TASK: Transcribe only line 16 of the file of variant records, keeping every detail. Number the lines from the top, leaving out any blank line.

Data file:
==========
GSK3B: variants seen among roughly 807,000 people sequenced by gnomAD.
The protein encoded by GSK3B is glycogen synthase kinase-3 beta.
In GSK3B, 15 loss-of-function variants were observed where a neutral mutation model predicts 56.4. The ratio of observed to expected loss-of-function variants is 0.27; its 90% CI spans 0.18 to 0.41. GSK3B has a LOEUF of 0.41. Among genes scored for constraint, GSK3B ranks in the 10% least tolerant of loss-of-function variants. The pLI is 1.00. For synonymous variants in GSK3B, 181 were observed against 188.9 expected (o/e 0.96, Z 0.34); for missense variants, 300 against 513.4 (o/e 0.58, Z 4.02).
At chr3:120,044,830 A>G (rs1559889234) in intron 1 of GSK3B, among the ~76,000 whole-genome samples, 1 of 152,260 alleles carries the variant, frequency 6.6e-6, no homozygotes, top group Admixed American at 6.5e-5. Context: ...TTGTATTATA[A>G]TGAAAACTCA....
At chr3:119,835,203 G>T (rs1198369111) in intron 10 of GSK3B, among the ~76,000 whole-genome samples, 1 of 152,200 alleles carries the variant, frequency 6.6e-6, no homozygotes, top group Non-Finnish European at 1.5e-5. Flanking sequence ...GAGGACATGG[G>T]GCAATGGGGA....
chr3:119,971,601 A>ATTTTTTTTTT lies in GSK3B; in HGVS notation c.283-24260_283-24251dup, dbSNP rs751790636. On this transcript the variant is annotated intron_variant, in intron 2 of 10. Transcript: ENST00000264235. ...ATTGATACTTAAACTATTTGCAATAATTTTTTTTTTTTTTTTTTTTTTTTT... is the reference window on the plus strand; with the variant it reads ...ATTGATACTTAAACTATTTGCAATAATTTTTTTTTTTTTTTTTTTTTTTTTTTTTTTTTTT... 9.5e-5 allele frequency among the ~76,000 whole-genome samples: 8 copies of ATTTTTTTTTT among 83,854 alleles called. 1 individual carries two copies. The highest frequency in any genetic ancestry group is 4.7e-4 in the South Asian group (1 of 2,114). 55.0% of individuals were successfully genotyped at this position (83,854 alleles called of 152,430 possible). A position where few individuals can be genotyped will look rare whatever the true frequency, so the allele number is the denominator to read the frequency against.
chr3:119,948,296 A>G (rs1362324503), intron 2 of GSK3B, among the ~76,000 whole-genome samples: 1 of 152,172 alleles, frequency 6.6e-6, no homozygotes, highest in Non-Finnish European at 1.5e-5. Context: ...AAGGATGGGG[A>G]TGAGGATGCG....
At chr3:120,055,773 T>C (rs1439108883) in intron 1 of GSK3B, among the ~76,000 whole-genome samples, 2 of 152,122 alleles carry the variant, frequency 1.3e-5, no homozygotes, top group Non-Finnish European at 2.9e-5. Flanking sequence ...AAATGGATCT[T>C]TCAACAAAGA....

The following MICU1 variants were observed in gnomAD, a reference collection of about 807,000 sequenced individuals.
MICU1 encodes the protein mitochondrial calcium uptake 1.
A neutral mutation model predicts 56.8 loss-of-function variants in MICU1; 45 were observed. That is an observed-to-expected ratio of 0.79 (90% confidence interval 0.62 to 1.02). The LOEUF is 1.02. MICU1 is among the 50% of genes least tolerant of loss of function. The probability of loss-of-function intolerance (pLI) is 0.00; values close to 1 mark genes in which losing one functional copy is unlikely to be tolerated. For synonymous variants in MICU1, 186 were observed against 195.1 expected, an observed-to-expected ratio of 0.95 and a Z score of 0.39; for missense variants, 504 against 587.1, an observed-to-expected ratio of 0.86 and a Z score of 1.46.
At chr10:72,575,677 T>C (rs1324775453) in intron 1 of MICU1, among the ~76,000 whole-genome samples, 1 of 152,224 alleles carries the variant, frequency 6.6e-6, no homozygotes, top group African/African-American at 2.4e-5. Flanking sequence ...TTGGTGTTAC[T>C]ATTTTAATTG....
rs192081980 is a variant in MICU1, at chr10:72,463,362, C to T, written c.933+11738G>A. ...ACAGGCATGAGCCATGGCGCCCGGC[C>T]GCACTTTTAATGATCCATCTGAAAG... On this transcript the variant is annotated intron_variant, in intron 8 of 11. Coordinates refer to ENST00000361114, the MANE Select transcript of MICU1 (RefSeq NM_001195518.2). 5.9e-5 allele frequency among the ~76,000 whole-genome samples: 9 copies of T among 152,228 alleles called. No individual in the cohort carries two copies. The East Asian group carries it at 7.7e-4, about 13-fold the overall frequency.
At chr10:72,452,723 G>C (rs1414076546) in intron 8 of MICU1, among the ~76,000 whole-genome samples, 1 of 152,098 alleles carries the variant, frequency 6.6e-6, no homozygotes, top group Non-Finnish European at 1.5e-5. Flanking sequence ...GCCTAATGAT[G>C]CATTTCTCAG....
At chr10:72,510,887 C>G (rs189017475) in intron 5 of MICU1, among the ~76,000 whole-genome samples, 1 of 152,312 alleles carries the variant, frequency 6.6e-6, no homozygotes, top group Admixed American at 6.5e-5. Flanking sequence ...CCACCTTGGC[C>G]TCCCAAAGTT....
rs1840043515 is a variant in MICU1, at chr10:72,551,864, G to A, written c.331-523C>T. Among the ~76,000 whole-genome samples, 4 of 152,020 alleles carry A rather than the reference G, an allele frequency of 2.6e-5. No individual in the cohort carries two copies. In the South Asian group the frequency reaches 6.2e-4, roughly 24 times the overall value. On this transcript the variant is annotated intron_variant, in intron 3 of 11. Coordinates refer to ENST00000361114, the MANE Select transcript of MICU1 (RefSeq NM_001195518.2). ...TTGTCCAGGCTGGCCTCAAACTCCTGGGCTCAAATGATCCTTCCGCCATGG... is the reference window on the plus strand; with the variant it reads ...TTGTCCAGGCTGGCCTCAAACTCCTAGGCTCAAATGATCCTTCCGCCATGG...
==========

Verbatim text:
rs1840043515 is a variant in MICU1, at chr10:72,551,864, G to A, written c.331-523C>T. Among the ~76,000 whole-genome samples, 4 of 152,020 alleles carry A rather than the reference G, an allele frequency of 2.6e-5. No individual in the cohort carries two copies. In the South Asian group the frequency reaches 6.2e-4, roughly 24 times the overall value. On this transcript the variant is annotated intron_variant, in intron 3 of 11. Coordinates refer to ENST00000361114, the MANE Select transcript of MICU1 (RefSeq NM_001195518.2). ...TTGTCCAGGCTGGCCTCAAACTCCTGGGCTCAAATGATCCTTCCGCCATGG... is the reference window on the plus strand; with the variant it reads ...TTGTCCAGGCTGGCCTCAAACTCCTAGGCTCAAATGATCCTTCCGCCATGG...